This bond question, if approved by the voters, would authorize the City to borrow $185,000,000 for capital purposes, which means that the funding would be used to purchase or maintain something with long-term value. This could include, for example, acquisitions of real estate, or construction of or improvements to buildings, streets and other infrastructure.

Local and state governments typically issue bonds for major projects or purchases which will have a useful life that extends multiple years and when there is not sufficient cash on hand – not unlike when an individual seeks a home mortgage or auto loan. Those taxpayers who will be paying the interest and principal on the bond over time will also, generally, be the same taxpayers who enjoy the benefit of the long-term investment. On the other hand, an increase in the City’s indebtedness also increases the portion of the budget that goes to debt service instead of other City services.

The funds from this bond issue would be used by the City for Transit ($4.8m); Streets and Sanitation ($45.6m); Municipal Buildings ($88m); Parks, Recreation and Museums ($25.9m); and Economic and Community Development ($20.7m), as specified in Bill No. 190431, approved by City Council on June 20, 2019. City Council would have authority, by ordinance, to change the intended allocation of these proceeds.

See the “Plain English Statement” provided by the Law Department of Philadelphia.


Shall The Philadelphia Home Rule Charter be amended to revise City procurement procedures by increasing the sealed bidding threshold; by providing for procurement from local businesses; and by providing for Procurement Department regulations?

If Philadelphia voters approve this amendment to the Home Rule Charter, the threshold for formal bidding on certain City contracts will be raised from $34,000 to $100,000 for local businesses and $75,000 for others. Contract opportunities above this threshold go through a more extensive, sealed-bidding process and are awarded to the “lowest responsible bidder.” Contracts below this threshold are processed as “small order purchases” in which City agencies issue quotes for various goods or services, ranging from food concessions to IT support to janitorial services.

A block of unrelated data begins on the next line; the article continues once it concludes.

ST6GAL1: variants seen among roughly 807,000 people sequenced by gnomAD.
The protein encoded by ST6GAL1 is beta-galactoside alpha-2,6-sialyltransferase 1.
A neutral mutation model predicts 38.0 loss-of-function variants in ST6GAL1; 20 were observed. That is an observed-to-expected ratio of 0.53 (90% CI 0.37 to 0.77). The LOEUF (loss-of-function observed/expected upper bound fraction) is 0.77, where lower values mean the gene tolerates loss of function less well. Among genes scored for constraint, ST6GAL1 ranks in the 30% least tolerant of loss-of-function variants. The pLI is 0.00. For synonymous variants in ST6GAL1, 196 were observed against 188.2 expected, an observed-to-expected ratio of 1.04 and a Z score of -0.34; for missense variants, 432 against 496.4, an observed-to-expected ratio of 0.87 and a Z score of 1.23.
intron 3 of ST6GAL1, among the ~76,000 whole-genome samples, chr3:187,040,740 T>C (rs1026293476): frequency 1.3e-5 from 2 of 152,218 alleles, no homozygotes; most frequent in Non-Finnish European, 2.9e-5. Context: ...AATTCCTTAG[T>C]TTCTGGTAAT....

Philadelphia’s current threshold of $34,000 is higher than Pennsylvania government ($20,600) but significantly lower than other major cities. San Diego and Portland run among the highest at $150,000, while Chicago and New York City are at $100,000 (same as the federal government), and Baltimore, Boston and Washington, D.C come in at $50,000.

The proposed change is part of the City’s Local Business Purchasing Initiative to make small, local businesses more competitive by relieving them of extensive paperwork for relatively small contracts. The efforts are further intended to increase contracting opportunities, in particular, for firms owned by ethnic minorities, women and disabled persons (those certified as M/W/DSBE), and to return a larger portion of City procurement spending to the local economy -- $0.50 for every dollar spent, by one estimate. More than 800 contracts under $100,000 and worth a total of $15 million were awarded in FY 2018.

This proposal was introduced by Council member Derek Green and passed unanimously in June with backing from the Kenney administration and Sustainable Business Network.

The Committee of Seventy also supports this proposed Charter amendment, given our mission for ethical and effective government. City and state ethics laws guarding against fraud and abuse would continue to apply, but clear rules and robust training – both for procurement administrators and vendors – remain critical to ensure the integrity of the process and that it yields the intended results. Overall, this proposal should bring Philadelphia in line with other major cities and procurement best practices, increasing efficiency in small-contracting processes while promising to benefit M/W/DSBE businesses and keeping more tax dollars in the City.

See the “Plain English Statement” provided by the Law Department of Philadelphia.



Voters with questions or issues on Election Day should call the proper authorities:

For voter registration, polling location or other procedural issues 215-686-1590
Report potential election law violations to the Philadelphia District Attorney 215-686-9641

For more information about Pennsylvania voting procedures, visit

For questions about Seventy's Voter Guide, please contact